Chinese restaurants were few and far between in nineteen-fifties Bombay . There were only about six of them, all at the other end of town. Consequently, going out for Chinese food was a rare treat . Usually we went to the Kamling on P.M Road, sometimes Nanking or Fredericks. Just entering the restaurant and getting a whiff of the smells, so different from those of Indian cooking, was a delight. Even now, the smell of sliced chilies steeped in vinegar takes me back to those days.
We always ordered the same dishes: Egg rolls, Sweet and Sour Pork, Fried Rice, Chicken Chow Mein and Chop Suey. Real Chinese Food !! This was before Szechuan and Hunan cuisines became popular and this was the only Chinese food we knew.
When I came to the States in the late sixties, I ate my share of chow mein. In my student days, most times, it was a can of La Choy or Chun King chow mein quickly heated and poured over hard brown noodles. Gloppy and not particularly tasty, even with generous amounts of soy sauce, but a welcome change from TV dinners of Salisbury steak , meat loaf or fried chicken. Occasionally I sampled the chow mein from Cantonese take-outs; it was better, though still not what I remembered from my Bombay days.
Chop suey , however, had completely disappeared. The Chinese take-outs that dispensed other staples like egg rolls , fried rice and chow mein seemed not to have heard of chop suey. I never once saw it on their menus. It is only recently I found out the history of this dish and the reason for its banishment.
Chop suey is described as ” meat ( chicken, beef, pork or shrimp) and eggs, quickly cooked with vegetables such as bean sprouts, cabbage and celery and bound in a cornstarch thickened sauce”. There are many versions of its origin. One early account claims that the name is derived from tsap seui which means ” assorted leftovers” in the Taishan dialect spoken in parts of Guangdong province. Most other versions discount the Chinese origins of chop suey and claim that it is actually a Chinese American dish. One version says that it was invented by Chinese American cooks working on the trans-continental railroad in the 19th century. Another says that it was invented by a Chinese cook to satisfy a bunch of drunken miners who descended on his restaurant after hours and demanded to be served. He was out of food and,to avoid being beaten up, he stir fried some left over meat with vegetables and a sauce that he concocted. The diners loved the dish and asked for its name. ‘ Chopped suey ( chopped leftovers)”, he replied. They turned up again the next night and the next and demanded chop suey and thus was born the most popular Chinese dish of the early 20th century.( Isn’t the story very similar to the genesis of Chicken Tikka Masala in England or Buffalo Chicken Wings in upstate New York?) So popular did the dish become that many restaurants had neon signs advertising chop suey and the name even made into the lyrics of popular songs. While there can be no definitive opinion about the origins of chop suey, it seems more likely than not that it did originate in America , not China.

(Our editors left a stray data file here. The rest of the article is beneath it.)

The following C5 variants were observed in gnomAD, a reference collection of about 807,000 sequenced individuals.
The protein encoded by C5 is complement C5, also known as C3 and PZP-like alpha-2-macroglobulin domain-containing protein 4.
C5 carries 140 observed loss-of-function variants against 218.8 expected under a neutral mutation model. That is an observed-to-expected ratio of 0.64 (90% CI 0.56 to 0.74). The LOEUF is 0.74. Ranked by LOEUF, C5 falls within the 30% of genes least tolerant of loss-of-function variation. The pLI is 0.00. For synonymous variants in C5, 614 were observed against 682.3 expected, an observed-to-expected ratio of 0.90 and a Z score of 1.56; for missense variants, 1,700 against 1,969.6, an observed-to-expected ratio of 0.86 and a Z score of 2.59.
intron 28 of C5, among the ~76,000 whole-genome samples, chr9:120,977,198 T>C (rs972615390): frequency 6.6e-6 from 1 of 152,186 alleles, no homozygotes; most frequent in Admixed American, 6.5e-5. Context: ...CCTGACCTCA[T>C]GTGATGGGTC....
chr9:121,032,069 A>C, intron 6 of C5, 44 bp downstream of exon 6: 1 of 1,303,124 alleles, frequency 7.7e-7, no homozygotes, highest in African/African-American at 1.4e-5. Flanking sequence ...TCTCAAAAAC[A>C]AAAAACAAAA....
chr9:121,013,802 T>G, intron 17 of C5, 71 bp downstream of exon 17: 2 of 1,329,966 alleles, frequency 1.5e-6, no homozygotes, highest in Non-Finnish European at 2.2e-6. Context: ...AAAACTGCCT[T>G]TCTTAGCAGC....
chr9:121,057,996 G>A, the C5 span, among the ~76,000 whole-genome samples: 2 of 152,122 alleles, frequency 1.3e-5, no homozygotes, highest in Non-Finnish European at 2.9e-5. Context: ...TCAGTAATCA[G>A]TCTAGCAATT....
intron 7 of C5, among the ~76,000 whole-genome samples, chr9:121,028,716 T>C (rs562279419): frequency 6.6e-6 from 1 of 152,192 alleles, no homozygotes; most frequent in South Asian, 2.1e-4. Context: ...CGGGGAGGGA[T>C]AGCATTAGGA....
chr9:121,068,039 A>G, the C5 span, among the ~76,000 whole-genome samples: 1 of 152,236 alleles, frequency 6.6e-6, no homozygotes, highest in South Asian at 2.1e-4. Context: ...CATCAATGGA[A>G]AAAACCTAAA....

Around the nineteen sixties, chop suey fell out of favor with Americans because of it’s dubious authenticity; they wanted real Chinese food, not a Chinese – American hybrid. A decade later, Szechuan and Hunan cuisines took America by storm as American taste buds woke up. Cantonese food fell out of favor and chop suey disappeared from Chinese restaurant menus.
What now puzzles me is the connection between chop suey and chow mein. The latter’s name is reputedly derived from chau meing or fried noodles but the ingredients of both dishes are strikingly similar. Reading articles to define the differences between the two only leads to confusion. For instance, one article I read states that chop suey is always served with rice , never with noodles. The next article that I see contains a chop suey recipe that calls for ” one cup chow mein noodles”. Go figure! The only differences I have been able to pinpoint are that chow mein originated in China and it is a blander dish than chop suey. Luckily, there are plenty of recipes for both dishes on the internet and I will be cooking ( and eating) both dishes in the very near future.
One dish I will not be making is American Chop suey which is defined as ” elbow macaroni, cooked ground beef, sautéed onions and green peppers in a thick tomato sauce; a dish prepared in a fry pan rather than baked in an oven.” Ugh!